Transportation - Moving materials around from one location to another without adding any value.

Inventory - More storage that is required for raw materials, work in progress, and finished products.

Motion - Moving people around and shifting them from one work area to another without adding any value.

Wait-time - Nothing productive is being accomplished, and this is just idle time.

Over-Processing - Doing additional work that is a necessary. In production, some companies tend to manufacture to higher tolerances than what customers require.

Over-Production - Producing more than what is needed at any given time.

Defects - Not complying with specifications when rework or repair is necessary to satisfy customers.

Assigning Times to Calculate Cycle Efficiency

Calculating PCE is the next step where you must use the value stream map to determine the amount of time used for each activity. This should be done by calculating the cycle time, which is the total time needed to receive and process and order until that product is delivered to the customer.

Cycle time is most commonly calculated by taking the total number of paid working hours in a month and dividing that by the total number of finished products produced in that same month. This calculation will give you the amount of time required to produce one item, and the value stream map is used once again to divide that time among the activities on the map.

Process Cycle Efficiency Formula

The formula for calculating PCE is very simple:

PCE = Value Added Time / Cycle Time

When a process includes activities that exclusively add value which a customer is willing to pay for, the process cycle efficiency is 100%. This number is realistic in business terms since most companies and organizations have a PCE ranging from 5% to 10%. Once lien methods are implemented to improve the process, PCE may increase to the range of 20% to 25%. 25% is considered world-class, and this is a number that most managers should strive for in their organization.

Since there is always room for improvement, one important aspect for calculating PCE is to establish a standard for how it will be calculated. You must make sure that PCE is calculated the same way each time if you want to know if it is improving. It can also be improved by decreasing the cycle time through the elimination of non-value added activities and minimizing non-value adding activities that are necessary during production.

How 5S Can Help With Your Process Cycle Efficiency

When it comes to lean manufacturing, 5S is one of the foundation principles that you can also use in combination with PCE to help your organization become more productive. If you are not familiar with 5S, it is a method that can be used in almost any organization.

This method was first introduced in Japan and was one of the techniques used in the development of Just in Time Manufacturing. 5S stands for five Japanese words: Seiri, Seiton, Seiso, Seiketsu, and Shitsuke. When translated, these words mean Sort, Set in Order, Shine, Standardize, and Sustain.

Since 5S is also used in lean manufacturing, it has a direct correlation with PCE because many of its principles help improve an organization so that more activities fall into the value-added category of PCE and non-value activities are eliminated.

Steps taken during the 5S method implementation will automatically improve certain areas of PCE regarding value added, and non-value added processes such as:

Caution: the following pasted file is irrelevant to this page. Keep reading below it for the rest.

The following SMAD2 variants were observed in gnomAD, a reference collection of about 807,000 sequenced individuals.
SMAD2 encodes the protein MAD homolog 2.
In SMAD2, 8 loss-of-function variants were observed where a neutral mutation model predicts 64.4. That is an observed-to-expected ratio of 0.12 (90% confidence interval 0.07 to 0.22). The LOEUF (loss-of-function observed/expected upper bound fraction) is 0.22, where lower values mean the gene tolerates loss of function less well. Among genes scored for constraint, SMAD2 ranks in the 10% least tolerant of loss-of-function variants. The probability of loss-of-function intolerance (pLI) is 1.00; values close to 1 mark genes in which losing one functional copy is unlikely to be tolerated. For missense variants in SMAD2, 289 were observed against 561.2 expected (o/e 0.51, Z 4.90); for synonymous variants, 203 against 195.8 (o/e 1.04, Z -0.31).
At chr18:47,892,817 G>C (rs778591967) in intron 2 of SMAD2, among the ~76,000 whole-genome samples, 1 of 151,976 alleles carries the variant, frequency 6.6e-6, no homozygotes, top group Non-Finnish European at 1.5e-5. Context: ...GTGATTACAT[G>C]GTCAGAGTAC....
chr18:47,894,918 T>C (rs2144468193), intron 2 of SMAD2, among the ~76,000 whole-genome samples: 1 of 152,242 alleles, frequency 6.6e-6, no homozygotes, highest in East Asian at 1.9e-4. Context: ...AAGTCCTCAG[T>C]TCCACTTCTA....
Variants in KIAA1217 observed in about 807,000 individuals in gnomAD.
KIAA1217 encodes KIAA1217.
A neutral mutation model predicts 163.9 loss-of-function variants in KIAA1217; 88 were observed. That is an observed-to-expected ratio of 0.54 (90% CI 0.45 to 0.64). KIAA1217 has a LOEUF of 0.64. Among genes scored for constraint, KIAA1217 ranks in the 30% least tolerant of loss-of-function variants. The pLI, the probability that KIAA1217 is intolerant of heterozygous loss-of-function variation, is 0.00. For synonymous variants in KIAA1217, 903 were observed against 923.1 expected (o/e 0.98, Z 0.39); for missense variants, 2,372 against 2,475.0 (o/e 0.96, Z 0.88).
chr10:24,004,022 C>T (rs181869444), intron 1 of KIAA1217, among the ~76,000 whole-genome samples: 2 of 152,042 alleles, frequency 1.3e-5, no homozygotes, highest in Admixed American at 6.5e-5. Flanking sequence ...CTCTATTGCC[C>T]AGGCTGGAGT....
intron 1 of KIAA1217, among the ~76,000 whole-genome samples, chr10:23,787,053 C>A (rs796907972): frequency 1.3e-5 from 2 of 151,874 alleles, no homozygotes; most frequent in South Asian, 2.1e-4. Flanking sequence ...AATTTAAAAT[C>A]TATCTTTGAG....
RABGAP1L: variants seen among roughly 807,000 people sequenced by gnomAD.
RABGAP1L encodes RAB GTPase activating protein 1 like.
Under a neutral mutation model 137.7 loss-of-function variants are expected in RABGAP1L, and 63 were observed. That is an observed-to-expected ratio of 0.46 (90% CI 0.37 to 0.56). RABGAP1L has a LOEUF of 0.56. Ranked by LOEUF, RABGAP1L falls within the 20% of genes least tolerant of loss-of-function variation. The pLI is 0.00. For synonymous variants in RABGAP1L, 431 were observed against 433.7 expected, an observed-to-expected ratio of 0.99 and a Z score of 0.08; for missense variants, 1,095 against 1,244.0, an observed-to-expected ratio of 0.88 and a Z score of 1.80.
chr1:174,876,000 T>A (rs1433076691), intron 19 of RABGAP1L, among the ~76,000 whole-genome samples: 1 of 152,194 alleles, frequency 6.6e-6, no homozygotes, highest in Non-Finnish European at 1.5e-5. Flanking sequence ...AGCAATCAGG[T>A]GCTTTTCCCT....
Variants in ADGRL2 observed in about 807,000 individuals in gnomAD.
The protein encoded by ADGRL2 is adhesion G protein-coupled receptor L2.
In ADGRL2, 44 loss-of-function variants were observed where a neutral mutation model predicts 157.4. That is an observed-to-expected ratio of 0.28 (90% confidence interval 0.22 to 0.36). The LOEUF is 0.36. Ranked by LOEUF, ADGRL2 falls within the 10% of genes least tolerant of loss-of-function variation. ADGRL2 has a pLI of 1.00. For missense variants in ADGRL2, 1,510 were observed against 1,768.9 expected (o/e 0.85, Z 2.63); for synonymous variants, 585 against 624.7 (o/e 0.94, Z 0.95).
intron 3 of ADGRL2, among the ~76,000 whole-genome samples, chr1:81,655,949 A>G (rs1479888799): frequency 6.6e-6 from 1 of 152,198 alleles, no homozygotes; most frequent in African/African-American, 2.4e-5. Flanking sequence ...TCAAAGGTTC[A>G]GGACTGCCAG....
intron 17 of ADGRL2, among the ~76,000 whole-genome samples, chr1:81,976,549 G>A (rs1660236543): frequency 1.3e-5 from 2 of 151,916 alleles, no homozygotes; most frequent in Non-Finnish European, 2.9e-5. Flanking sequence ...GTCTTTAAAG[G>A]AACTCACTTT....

Transportation - Since the Seiso and Seiton steps involve eliminating obstacles, preventing the accumulation of unnecessary items, arranging all necessary items so they can be easily selected for use. Placing components according to their uses, PCE is already improved by following these steps since material movement that does not directly support immediate production is reduced or eliminated.

Wait-time - Items are produced more quickly and loss and waste of time are prevented since Seiton encourages workstations to be arranged in a way that all tools and equipment are nearby.

Over-Production - Seiton encourages first-in-first-out (FIFO) method of production which helps increase PCE.

Processing - Redundant effort adds no value to a product, and both Seiri and Seiton encourages less redundancy by reducing the chances of being disturbed with unnecessary items, preventing the accumulation of unnecessary items, and making it easy to find and pick up necessary items.

Motion - Both Seiton and Seiri discourage any movement that does not contribute to added value. Seiri encourages removing all parts tools that are not in use and making sure that all frequently used tools and equipment are within hands reach.

Inventory - Accumulation of inventory will eventually take up space that can be used for other purposes. Seiri prevents the accumulation of unnecessary items to include inventory from overproduction.

Seiso, Seiketsu, and Shitsuke are also important factors in 5S that work well in conjunction with PCE to help organizations become leaner and provide more value to their customers.

Determine Your PCE for Improvement

Managers should always strive to know how to improve productivity during the production process. Process cycle efficiency is an excellent way to determine how your organization can be more productive. Implementing 5S also makes PCE a lot easier since the workplace is clean and well organized. When you have credible measures of the current state of your organization, it will be a lot easier to implement these methods to drive improvement.

Author: Eric Raio

Eric Raio is one of the founders of Factory Solutions. When he isn't plotting new ways to create awesome software. He likes to geek out about flying drones and technology.